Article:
What to Do When You Lose Your Job

What to Do When You Lose Your Job

Photo courtesy of Âtin

Losing a job is stressful. I know. I went through it just a few long months ago.

You worry about your family.

You worry about your self-worth.

You worry about what your friends will think.

You worry about money.

And in the middle of all that worrying, you have to figure out what to do next. It’s not easy.

My goal here is to give you some specific takes you can take right away. These steps are not only important for securing your family’s financial future, but they give you something concrete to focus on so you can stop worrying and start doing.

Take a deep breath

Go for a drive. Read a book. Take the family for a fun night out.

If you’ve just lost your job, or just found out that you’ll be losing your job soon, your emotions are probably running high. You feel like there are all of the sudden a million things to figure out and that you need to get started right away.

But the best thing you can do in that situation is to not try and do anything at all.

Instead, find a way to relax and take your mind off the situation. If you can do something enjoyable, even if it costs a little bit of money, it will help remind you that all is not lost (trust me, it isn’t).

Not only that, but a little bit of time is often all you need to clear your head so you can start making good decisions.

File for unemployment

This is usually the first big action step you can take, and it’s a good idea to get it done quickly.

You’re allowed to file on your last day of employment, and the sooner you file the sooner you can start collecting benefits. Some states might even have a short waiting period after you file (sometimes 1-2 weeks), so just be aware that you might see that.

Two more things to keep in mind:

  1. If you want to keep your benefits, you need to file weekly. And each state will have their own set of other requirements too, so take the time to know what they are and make sure you keep up with them.
  2. Your unemployment benefits count as taxable income. If you can afford to have taxes withheld from your payments, that’s a great way to stay on top of the situation. If you can’t, try to find away to save ahead for that tax payment so you’re not unexpectedly hit with a big bill.

Check your financial cushion

How much money do you have in your emergency fund? How about your other savings accounts (other than retirement accounts)?

Add those up and divide that total savings by your average monthly spending. That gives you a rough estimate of how many months you could live off your savings. Hopefully any unemployment you receive will help extend that too.

Cut the fat

Chances are your budget has some spending that you could pretty easily reduce or cut out completely. Now is the time to make those changes.

Every dollar you can cut out will extend the amount of time you have. And who knows, you might even find that you don’t miss those things and decide to keep them cut once you find your next job. Which would leave you more money for the things you actually do care about. Consider this a nice little forced experiment!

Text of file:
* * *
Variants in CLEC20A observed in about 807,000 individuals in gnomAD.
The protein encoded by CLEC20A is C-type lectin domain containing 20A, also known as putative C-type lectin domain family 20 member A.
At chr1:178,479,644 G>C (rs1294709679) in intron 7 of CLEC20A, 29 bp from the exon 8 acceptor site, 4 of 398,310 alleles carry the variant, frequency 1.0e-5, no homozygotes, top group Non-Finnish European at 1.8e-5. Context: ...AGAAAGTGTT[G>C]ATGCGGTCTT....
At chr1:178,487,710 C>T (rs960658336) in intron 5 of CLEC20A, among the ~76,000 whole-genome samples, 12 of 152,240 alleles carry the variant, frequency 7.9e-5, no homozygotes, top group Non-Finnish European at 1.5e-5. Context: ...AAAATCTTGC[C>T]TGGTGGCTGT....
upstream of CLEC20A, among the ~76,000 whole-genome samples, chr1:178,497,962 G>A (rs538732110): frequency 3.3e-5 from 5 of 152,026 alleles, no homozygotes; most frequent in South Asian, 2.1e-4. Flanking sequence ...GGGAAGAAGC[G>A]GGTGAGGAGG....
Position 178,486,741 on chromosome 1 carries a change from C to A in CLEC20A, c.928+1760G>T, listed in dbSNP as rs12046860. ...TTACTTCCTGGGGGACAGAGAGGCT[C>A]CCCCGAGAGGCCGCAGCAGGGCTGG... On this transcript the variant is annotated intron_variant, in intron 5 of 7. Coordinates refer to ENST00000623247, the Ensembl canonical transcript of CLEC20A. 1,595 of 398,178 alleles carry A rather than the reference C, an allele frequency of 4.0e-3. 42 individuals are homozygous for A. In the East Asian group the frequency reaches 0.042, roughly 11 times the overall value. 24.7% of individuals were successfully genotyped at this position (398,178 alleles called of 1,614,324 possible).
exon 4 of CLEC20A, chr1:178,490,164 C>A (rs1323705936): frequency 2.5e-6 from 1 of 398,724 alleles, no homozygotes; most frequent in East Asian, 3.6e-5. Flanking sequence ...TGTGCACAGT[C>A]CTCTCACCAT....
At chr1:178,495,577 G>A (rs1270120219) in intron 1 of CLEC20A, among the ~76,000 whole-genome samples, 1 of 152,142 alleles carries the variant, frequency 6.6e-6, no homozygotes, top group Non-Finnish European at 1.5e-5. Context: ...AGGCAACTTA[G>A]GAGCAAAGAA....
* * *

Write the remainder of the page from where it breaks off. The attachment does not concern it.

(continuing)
Here are some pretty common places to look for quick savings:

  • Cable – Could you switch to a smaller package? Or could you cut it out completely?
  • Cell phone – Again, is there a smaller package you could choose? Or could you switch to a lower-cost provider?
  • Groceries – Scale back to the absolute essentials.
  • Travel – Probably not the time for a big vacation.
  • Eating out – Time to break out those trusty old pots and pans!
  • Gifts – Find inexpensive ways to show your love.
  • Retirement – Depending on your situation, now might be a good time to temporarily stop your retirement savings. In the short-term, having that cash available could be more valuable than the long-term benefits of saving.
  • Debt – Similar to retirement, it might be a good idea to scale back to just the minimum payments for now. But in both cases, don’t forget to ramp them back up once you’re making money again.

And here are two big ones:

  • House – If you’re renting, could you move to a cheaper place? Or even move in with family or friends?
  • Car – Do you have an extra car? Could you even get by with just one car? Selling a car would not only bring in some cash but it would save you money on insurance.

Start looking at health insurance options

This is one place where there’s some good news. You have several options when it comes to health insurance.

Here’s the post with all the detail on finding health insurance: 5 steps to take if you’re losing health insurance.

Work through the steps there and you’ll be able to find some coverage.

Review your company benefits

Your company might actually offer some benefits for people who’ve just lost your job, some of which could be pretty valuable. Those benefits might include things like:

  • Severance pay
  • Skills training
  • Job search assistance
  • Insurance coverage

You can contact your HR department to ask them what benefits you might be entitled to.

Check on public assistance

With a reduced income, you might be able to qualify for certain public assistance programs that could make daily life more affordable and extend the amount of time your savings will last.

Some common programs include:

Women, Infants and Children (WIC)
Supplemental Nutrition Assistance Programs (SNAP/food stamps).